785 Smith Ridge
785 Smith Ridge Road, known as the Mardon House, was named for Marjorie and Donald F. Crane who built the home in 1937.
Donald Crane was a long standing summer resident from New York who fondly remembered as a ten year old boy boarding at the Keeler Farm and riding to Stamford with Farmer Keeler when he drove the big truck to deliver his vegetables. Crane graduated from Cornell in 1910 and served as a first lieutenant in the field artillery in World War I. He married Marjorie Oppenheim who had served as an ambulance driver in France during World War I.
The Cranes had two children, Anthony Barnum Crane and Donald Frazer Crane, Jr. Anthony Crane attended St. Lukes School, the Kent School, and Cornell University. Sadly, Anthony Crane died in a fatal car accident in South Bend, Indiana at the age of 31 in 1960. He was employed as a salesperson for Firestone in Indiana at the time of his death.
Donald Crane Jr. married Ruth Dickinson Shedden of Oenoke Ridge in December 1953. Donald graduated from the South Kent School and served in the U.S. Army 43rd Division in Germany. Ruth Shedden Crane attended the Emma Willard School and graduated from Wheelock College. In 2009, Donald Jr. wrote to the New Canaan Historical Society and reported that family lore was that his mother had been given twenty four acres on Smith Ridge road by her father. In an Advertiser article dated April 1950 the subdivision of the Murphy property on North Wilton Road suggests that 22 acres of the 76 acre parcel was owned by Dr. LeFetra. LeFetra’s name appears as early as 1912 when the local contracting firm of Dawless & Davenport made alterations to his home on Smith Ridge Road. It is unclear how the LeFetras were related to Ms. Oppenheim whose family was from Ridgefield. The Cranes sold ten acres and built the house at 785 Smith Ridge on the remaining fourteen acres.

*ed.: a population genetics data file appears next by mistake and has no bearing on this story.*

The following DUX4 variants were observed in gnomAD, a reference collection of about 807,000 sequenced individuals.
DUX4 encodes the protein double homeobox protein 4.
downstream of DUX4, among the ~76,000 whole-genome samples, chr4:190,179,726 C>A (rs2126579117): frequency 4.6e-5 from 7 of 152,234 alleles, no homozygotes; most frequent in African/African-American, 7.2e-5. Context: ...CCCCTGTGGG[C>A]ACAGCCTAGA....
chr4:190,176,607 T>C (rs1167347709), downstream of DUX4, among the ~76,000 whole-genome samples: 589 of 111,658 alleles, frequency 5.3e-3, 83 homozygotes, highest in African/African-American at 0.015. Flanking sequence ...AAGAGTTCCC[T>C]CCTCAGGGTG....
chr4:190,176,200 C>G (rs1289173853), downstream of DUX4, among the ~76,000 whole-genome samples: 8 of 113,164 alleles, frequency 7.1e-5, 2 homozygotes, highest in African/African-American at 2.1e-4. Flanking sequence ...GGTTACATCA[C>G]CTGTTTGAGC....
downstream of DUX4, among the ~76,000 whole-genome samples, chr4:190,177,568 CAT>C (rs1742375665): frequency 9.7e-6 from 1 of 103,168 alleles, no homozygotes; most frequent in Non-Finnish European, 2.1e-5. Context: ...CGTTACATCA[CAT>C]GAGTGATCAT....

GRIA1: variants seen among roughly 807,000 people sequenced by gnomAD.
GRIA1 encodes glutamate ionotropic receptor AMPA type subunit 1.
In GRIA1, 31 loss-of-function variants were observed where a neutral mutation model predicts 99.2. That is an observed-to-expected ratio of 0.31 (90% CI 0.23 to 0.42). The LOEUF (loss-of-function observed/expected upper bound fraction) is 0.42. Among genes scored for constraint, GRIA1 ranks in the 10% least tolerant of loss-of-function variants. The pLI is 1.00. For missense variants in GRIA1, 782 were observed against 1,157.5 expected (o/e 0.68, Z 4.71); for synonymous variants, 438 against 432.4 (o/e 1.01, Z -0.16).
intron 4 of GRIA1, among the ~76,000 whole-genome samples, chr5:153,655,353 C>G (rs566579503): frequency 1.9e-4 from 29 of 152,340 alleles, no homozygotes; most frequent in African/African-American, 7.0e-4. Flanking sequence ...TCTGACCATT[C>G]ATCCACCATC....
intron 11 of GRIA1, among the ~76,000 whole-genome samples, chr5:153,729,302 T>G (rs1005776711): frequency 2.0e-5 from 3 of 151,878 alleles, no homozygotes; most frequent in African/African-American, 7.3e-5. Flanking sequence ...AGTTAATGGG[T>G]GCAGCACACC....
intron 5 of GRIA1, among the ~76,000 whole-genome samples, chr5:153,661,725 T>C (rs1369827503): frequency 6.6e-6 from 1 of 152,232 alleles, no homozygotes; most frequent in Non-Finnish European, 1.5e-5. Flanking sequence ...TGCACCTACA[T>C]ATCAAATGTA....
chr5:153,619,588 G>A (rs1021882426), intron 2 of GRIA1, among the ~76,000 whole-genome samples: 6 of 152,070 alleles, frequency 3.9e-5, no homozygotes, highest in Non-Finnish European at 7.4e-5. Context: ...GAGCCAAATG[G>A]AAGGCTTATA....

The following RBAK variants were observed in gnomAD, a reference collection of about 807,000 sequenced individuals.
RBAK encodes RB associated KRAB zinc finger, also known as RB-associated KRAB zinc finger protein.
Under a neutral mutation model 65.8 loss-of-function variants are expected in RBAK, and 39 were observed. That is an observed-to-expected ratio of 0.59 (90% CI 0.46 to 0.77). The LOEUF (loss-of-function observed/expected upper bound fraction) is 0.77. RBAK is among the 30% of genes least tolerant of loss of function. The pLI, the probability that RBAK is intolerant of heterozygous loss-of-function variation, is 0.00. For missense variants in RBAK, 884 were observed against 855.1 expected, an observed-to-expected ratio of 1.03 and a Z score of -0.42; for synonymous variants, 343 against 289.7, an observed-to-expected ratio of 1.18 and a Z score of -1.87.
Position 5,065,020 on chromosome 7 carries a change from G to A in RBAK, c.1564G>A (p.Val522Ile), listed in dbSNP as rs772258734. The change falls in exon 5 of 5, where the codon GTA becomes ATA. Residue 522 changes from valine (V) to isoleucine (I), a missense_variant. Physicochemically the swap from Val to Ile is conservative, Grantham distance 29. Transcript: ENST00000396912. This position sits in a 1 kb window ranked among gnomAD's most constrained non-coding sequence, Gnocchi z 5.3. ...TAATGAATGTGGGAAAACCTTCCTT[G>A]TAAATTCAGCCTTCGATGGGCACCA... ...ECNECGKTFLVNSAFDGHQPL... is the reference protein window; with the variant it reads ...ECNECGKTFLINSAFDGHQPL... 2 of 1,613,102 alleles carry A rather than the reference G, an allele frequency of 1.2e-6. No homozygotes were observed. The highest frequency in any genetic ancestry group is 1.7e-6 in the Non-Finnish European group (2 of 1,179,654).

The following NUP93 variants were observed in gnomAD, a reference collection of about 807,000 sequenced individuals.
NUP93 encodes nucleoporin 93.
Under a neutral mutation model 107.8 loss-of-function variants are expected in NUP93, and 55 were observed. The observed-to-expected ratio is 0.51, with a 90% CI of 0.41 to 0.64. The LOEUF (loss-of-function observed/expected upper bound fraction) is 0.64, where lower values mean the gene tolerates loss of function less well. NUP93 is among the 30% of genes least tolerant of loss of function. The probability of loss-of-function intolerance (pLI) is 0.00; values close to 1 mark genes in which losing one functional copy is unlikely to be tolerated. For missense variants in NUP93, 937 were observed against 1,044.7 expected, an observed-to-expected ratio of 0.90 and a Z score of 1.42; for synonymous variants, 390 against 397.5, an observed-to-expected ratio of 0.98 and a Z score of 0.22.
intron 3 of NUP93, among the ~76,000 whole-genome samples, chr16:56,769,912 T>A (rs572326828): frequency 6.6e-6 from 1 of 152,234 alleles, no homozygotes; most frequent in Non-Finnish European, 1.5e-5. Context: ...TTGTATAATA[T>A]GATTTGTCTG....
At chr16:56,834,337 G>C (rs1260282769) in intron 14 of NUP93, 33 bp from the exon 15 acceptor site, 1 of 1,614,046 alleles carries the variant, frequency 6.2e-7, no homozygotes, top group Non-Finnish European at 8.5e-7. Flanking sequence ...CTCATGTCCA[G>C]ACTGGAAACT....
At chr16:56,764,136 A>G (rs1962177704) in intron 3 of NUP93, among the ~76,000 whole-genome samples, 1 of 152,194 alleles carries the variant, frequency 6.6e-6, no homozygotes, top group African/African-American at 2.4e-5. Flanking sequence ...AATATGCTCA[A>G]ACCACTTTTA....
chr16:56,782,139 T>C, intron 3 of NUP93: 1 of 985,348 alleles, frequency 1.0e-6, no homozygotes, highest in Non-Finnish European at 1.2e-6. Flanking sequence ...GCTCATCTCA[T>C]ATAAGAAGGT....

Mardon was designed by Mr. William McKnight Bowman. The builder was Marcello Mezzullo of Port Chester, New York, who also built the firehouse in town and supervised the building of the Victory Arch in Washington Square Park in New York City. Building began on May 10, 1937.